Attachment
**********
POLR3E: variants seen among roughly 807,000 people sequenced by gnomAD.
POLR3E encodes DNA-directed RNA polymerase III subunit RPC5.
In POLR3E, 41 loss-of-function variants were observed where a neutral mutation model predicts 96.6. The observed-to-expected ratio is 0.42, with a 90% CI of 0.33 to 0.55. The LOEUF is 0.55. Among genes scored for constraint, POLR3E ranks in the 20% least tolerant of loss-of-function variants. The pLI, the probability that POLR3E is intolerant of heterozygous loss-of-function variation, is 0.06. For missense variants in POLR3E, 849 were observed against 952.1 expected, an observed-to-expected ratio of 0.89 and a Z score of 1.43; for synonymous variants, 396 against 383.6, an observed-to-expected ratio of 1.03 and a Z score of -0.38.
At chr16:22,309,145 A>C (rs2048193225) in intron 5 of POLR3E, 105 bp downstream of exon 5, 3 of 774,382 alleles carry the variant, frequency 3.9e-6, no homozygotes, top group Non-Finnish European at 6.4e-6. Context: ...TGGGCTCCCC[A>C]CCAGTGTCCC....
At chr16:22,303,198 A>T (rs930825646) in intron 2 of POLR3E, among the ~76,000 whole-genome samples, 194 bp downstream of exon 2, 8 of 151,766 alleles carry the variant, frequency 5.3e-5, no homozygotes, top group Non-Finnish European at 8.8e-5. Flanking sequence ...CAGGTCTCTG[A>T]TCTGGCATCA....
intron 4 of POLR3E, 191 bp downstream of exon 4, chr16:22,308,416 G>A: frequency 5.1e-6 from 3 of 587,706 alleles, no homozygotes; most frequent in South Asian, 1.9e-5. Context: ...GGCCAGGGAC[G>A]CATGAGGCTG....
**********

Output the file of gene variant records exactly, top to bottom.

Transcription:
POLR3E: variants seen among roughly 807,000 people sequenced by gnomAD.
POLR3E encodes DNA-directed RNA polymerase III subunit RPC5.
In POLR3E, 41 loss-of-function variants were observed where a neutral mutation model predicts 96.6. The observed-to-expected ratio is 0.42, with a 90% CI of 0.33 to 0.55. The LOEUF is 0.55. Among genes scored for constraint, POLR3E ranks in the 20% least tolerant of loss-of-function variants. The pLI, the probability that POLR3E is intolerant of heterozygous loss-of-function variation, is 0.06. For missense variants in POLR3E, 849 were observed against 952.1 expected, an observed-to-expected ratio of 0.89 and a Z score of 1.43; for synonymous variants, 396 against 383.6, an observed-to-expected ratio of 1.03 and a Z score of -0.38.
At chr16:22,309,145 A>C (rs2048193225) in intron 5 of POLR3E, 105 bp downstream of exon 5, 3 of 774,382 alleles carry the variant, frequency 3.9e-6, no homozygotes, top group Non-Finnish European at 6.4e-6. Context: ...TGGGCTCCCC[A>C]CCAGTGTCCC....
At chr16:22,303,198 A>T (rs930825646) in intron 2 of POLR3E, among the ~76,000 whole-genome samples, 194 bp downstream of exon 2, 8 of 151,766 alleles carry the variant, frequency 5.3e-5, no homozygotes, top group Non-Finnish European at 8.8e-5. Flanking sequence ...CAGGTCTCTG[A>T]TCTGGCATCA....
intron 4 of POLR3E, 191 bp downstream of exon 4, chr16:22,308,416 G>A: frequency 5.1e-6 from 3 of 587,706 alleles, no homozygotes; most frequent in South Asian, 1.9e-5. Context: ...GGCCAGGGAC[G>A]CATGAGGCTG....